from Joan Justis
Illuminate the Text!
The name “illuminated manuscripts” is derived from the Latin verb illuminare which translated means to light or enlighten. Very fitting, since the beautiful gold and silver leaf enhanced drawings do both for the text of the page. I pour over the exquisite patterns that surround the text-so delicate and colorful, obviously a labor of love.
The artisan stretched and scraped an animal skin until thin enough to be cut into parchment pages that would eventually be sewn into gatherings and given two pieces of leather covered wood for the cover. Lines were drawn on the pages with a quill pen for the scribe to align the text. Drawings were sketched in ink, and painted with egg tempera. Gold and silver leaf were glued on and burnished till the illustration was filled with light.
The above illumination is from a Catholic Breviary (brief book) used by the Divine Office for prayers, readings and hymns during the 15th Century. It can be found in the National Library of the Netherlands.
I have since learned that such drawings are preserved in many cultures.
This is the frontispiece to a Hebrew book which is the second of the four pillars of Arbaah Turim, Yore Deah (Teaching Knowledge) found in the British Library Catalogue. The parchment is dated 1475 and is signed by Hayyim Barbut as the scribe. The artists were Florentine. It became a collector’s item and was finally sold for £10,000 to the British government in 1753 to be placed in the new British Museum.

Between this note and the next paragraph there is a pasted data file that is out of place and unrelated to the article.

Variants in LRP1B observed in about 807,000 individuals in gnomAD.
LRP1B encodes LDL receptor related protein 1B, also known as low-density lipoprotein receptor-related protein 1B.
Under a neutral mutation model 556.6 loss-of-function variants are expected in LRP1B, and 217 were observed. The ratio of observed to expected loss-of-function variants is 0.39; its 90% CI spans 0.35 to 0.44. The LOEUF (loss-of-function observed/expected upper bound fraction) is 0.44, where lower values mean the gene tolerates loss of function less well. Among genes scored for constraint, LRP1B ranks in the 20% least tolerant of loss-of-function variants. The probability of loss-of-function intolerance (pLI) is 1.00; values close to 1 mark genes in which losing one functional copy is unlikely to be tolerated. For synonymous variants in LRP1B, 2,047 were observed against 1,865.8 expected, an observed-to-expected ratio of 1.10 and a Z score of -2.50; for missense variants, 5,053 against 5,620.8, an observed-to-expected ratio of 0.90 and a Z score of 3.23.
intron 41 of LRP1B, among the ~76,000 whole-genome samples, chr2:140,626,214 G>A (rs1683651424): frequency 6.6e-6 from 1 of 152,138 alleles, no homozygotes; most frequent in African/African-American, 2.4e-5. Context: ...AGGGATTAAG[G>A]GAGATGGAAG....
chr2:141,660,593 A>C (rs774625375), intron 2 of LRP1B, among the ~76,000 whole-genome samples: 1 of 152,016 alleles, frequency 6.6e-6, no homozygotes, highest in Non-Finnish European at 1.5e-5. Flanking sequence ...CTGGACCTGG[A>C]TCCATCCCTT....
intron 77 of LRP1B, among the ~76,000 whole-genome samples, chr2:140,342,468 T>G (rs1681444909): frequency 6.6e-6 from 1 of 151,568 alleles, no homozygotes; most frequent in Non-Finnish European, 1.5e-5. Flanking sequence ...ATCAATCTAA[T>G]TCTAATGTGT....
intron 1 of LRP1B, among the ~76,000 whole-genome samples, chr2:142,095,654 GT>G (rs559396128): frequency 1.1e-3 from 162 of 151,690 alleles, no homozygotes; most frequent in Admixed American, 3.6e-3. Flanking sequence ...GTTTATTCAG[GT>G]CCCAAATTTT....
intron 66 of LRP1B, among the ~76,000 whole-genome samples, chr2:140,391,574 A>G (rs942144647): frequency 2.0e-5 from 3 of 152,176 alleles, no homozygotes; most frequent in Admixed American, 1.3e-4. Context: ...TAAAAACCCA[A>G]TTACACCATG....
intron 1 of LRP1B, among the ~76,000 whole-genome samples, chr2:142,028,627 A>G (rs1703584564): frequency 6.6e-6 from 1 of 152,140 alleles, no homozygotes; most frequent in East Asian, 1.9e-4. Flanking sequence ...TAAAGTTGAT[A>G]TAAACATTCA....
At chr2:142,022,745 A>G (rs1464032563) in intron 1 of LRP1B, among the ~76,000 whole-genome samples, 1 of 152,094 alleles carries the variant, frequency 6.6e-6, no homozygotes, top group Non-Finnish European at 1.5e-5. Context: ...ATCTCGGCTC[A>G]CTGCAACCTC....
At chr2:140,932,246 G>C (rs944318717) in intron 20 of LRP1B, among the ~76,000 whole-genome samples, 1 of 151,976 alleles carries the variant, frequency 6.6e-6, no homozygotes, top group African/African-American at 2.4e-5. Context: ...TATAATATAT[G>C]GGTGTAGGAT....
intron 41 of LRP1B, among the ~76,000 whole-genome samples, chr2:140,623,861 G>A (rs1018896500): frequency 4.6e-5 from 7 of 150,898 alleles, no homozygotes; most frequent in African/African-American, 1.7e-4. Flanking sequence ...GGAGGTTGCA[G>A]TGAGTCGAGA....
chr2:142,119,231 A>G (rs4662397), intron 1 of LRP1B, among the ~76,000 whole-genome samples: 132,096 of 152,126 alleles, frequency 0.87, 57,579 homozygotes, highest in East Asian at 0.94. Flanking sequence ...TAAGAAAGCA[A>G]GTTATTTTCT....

This beautiful image is taken from a Prayer Book or Book of Hours created in Spain for Ferdinand I of Leon during the 11th Century. It is in the Library of the University of Santiago de Compostela.
The Book of Kells was created in the 800’s in a Celtic monastery on an island near Scotland. It contains the four gospels of the New Testament copied from the Vulgate bible. The vellum (parchment) pages are lavishly decorated with Celtic knots, animals, and human figures as Christian symbols. The Art Minute tells us that it took four scribes, three illuminators, and 185 calf skins. The four volume masterpiece is displayed in the Trinity College Library in Dublin.
In 1450-55 the Gutenberg Press pre-empted hand copied books and the art of illuminated manuscripts began to disappear. However, the Ottoman Empire outlawed the use of the press and they continued to produce manuscripts for another hundred years.
This is a Persian miniature, an art form of the Ottoman Empire. It was kept in a private album called a muraqqa. It is “Advice of the Ascetic” by Behzad circa 1500-1550. There is Chinese influence as a result of the Mongol invasion.
It is so remarkable that these beautiful books have been preserved for hundreds of years. These manuscripts are exquisite and demand admiration and respect for the skill, commitment, and patience of the creator. I am inspired to adapt the patterns and composition for this years’ Nativity Celebration piece! Watch my progress on Instagram joanjustisstudios and on Facebook Joan Justis Fine Art.